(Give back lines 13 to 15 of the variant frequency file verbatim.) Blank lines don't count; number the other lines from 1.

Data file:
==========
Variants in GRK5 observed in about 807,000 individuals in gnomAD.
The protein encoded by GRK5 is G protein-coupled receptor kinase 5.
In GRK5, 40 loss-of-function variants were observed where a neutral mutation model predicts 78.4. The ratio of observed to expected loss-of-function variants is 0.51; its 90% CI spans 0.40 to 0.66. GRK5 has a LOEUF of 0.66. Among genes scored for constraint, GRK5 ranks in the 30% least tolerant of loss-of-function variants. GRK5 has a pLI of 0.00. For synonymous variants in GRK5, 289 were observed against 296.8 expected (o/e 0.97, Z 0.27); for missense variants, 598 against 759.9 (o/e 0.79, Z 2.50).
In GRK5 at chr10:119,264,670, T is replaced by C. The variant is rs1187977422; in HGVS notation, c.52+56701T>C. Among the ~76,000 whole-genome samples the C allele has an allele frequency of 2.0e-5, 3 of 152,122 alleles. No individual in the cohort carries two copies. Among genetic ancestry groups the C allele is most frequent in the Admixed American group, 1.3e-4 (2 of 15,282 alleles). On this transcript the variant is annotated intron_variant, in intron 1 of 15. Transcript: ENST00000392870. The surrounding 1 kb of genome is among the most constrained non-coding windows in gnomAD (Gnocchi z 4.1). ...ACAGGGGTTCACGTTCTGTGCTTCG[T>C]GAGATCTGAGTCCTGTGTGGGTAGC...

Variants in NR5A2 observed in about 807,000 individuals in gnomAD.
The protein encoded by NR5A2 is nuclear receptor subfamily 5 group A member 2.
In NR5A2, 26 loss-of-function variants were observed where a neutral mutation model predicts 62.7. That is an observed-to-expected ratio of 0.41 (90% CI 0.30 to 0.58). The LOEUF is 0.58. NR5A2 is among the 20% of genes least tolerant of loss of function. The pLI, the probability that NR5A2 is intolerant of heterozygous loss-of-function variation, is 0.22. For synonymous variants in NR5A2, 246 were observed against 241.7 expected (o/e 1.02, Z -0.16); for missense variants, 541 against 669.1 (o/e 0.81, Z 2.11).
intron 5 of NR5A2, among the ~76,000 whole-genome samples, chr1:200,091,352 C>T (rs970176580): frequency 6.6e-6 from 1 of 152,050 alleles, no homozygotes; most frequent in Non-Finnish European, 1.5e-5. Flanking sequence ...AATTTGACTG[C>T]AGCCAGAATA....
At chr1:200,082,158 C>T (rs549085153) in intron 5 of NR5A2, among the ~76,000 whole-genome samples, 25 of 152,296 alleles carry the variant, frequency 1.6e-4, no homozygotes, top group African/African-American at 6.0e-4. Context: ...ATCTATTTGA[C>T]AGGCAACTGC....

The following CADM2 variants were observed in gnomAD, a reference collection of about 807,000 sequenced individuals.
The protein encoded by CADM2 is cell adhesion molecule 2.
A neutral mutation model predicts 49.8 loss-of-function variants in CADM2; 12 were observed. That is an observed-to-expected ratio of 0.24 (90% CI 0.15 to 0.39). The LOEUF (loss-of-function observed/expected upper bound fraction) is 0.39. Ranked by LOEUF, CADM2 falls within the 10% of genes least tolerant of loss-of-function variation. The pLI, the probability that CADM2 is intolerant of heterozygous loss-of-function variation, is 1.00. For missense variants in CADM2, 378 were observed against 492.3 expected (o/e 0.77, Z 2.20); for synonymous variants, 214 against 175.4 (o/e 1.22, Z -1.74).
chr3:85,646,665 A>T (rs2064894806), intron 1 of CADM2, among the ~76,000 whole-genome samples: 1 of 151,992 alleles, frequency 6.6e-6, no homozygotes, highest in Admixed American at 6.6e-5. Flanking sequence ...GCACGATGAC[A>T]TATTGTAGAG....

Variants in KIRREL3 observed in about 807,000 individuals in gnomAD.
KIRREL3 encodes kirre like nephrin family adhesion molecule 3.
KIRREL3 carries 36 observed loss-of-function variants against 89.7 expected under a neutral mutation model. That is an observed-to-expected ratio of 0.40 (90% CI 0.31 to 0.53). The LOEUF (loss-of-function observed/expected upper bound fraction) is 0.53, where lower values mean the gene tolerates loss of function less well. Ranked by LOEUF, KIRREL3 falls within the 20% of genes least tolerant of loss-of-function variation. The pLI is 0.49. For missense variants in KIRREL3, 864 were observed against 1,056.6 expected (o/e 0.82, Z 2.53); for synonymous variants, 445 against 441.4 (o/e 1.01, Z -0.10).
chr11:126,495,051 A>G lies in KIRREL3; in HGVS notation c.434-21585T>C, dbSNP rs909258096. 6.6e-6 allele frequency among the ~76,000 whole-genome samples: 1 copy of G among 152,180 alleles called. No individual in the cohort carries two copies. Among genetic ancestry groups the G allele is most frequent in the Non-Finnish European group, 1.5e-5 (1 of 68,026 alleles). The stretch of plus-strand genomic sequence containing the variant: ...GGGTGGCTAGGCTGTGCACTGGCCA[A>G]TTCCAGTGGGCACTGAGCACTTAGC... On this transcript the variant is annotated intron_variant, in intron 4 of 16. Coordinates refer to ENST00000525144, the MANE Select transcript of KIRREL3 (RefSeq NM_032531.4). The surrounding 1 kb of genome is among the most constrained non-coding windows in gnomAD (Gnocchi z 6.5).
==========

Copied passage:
chr3:85,646,665 A>T (rs2064894806), intron 1 of CADM2, among the ~76,000 whole-genome samples: 1 of 151,992 alleles, frequency 6.6e-6, no homozygotes, highest in Admixed American at 6.6e-5. Flanking sequence ...GCACGATGAC[A>T]TATTGTAGAG....

Variants in KIRREL3 observed in about 807,000 individuals in gnomAD.
KIRREL3 encodes kirre like nephrin family adhesion molecule 3.